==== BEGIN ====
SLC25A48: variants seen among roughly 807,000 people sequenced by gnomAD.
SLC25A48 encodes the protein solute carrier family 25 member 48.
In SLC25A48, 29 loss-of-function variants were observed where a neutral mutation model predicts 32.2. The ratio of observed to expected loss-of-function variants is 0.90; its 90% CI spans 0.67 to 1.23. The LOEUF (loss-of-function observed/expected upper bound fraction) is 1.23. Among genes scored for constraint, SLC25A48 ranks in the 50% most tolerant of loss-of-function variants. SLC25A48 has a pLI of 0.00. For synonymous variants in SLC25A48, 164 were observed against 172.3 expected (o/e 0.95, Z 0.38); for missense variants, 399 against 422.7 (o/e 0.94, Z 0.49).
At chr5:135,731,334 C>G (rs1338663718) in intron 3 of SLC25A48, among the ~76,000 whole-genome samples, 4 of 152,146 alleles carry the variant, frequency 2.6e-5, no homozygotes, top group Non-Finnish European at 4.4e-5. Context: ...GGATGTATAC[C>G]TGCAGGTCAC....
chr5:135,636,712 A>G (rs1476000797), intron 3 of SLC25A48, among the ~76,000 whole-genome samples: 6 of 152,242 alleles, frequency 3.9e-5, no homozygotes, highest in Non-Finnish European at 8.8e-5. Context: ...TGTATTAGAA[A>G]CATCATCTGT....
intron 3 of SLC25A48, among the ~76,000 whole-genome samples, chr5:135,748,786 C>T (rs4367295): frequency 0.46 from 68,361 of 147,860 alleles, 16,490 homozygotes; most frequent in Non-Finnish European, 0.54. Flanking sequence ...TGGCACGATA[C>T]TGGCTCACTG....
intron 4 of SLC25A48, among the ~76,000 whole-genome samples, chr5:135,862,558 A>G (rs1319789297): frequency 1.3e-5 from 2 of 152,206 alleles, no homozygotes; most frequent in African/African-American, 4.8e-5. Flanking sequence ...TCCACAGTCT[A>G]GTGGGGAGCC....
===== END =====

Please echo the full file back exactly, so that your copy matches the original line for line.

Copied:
SLC25A48: variants seen among roughly 807,000 people sequenced by gnomAD.
SLC25A48 encodes the protein solute carrier family 25 member 48.
In SLC25A48, 29 loss-of-function variants were observed where a neutral mutation model predicts 32.2. The ratio of observed to expected loss-of-function variants is 0.90; its 90% CI spans 0.67 to 1.23. The LOEUF (loss-of-function observed/expected upper bound fraction) is 1.23. Among genes scored for constraint, SLC25A48 ranks in the 50% most tolerant of loss-of-function variants. SLC25A48 has a pLI of 0.00. For synonymous variants in SLC25A48, 164 were observed against 172.3 expected (o/e 0.95, Z 0.38); for missense variants, 399 against 422.7 (o/e 0.94, Z 0.49).
At chr5:135,731,334 C>G (rs1338663718) in intron 3 of SLC25A48, among the ~76,000 whole-genome samples, 4 of 152,146 alleles carry the variant, frequency 2.6e-5, no homozygotes, top group Non-Finnish European at 4.4e-5. Context: ...GGATGTATAC[C>G]TGCAGGTCAC....
chr5:135,636,712 A>G (rs1476000797), intron 3 of SLC25A48, among the ~76,000 whole-genome samples: 6 of 152,242 alleles, frequency 3.9e-5, no homozygotes, highest in Non-Finnish European at 8.8e-5. Context: ...TGTATTAGAA[A>G]CATCATCTGT....
intron 3 of SLC25A48, among the ~76,000 whole-genome samples, chr5:135,748,786 C>T (rs4367295): frequency 0.46 from 68,361 of 147,860 alleles, 16,490 homozygotes; most frequent in Non-Finnish European, 0.54. Flanking sequence ...TGGCACGATA[C>T]TGGCTCACTG....
intron 4 of SLC25A48, among the ~76,000 whole-genome samples, chr5:135,862,558 A>G (rs1319789297): frequency 1.3e-5 from 2 of 152,206 alleles, no homozygotes; most frequent in African/African-American, 4.8e-5. Flanking sequence ...TCCACAGTCT[A>G]GTGGGGAGCC....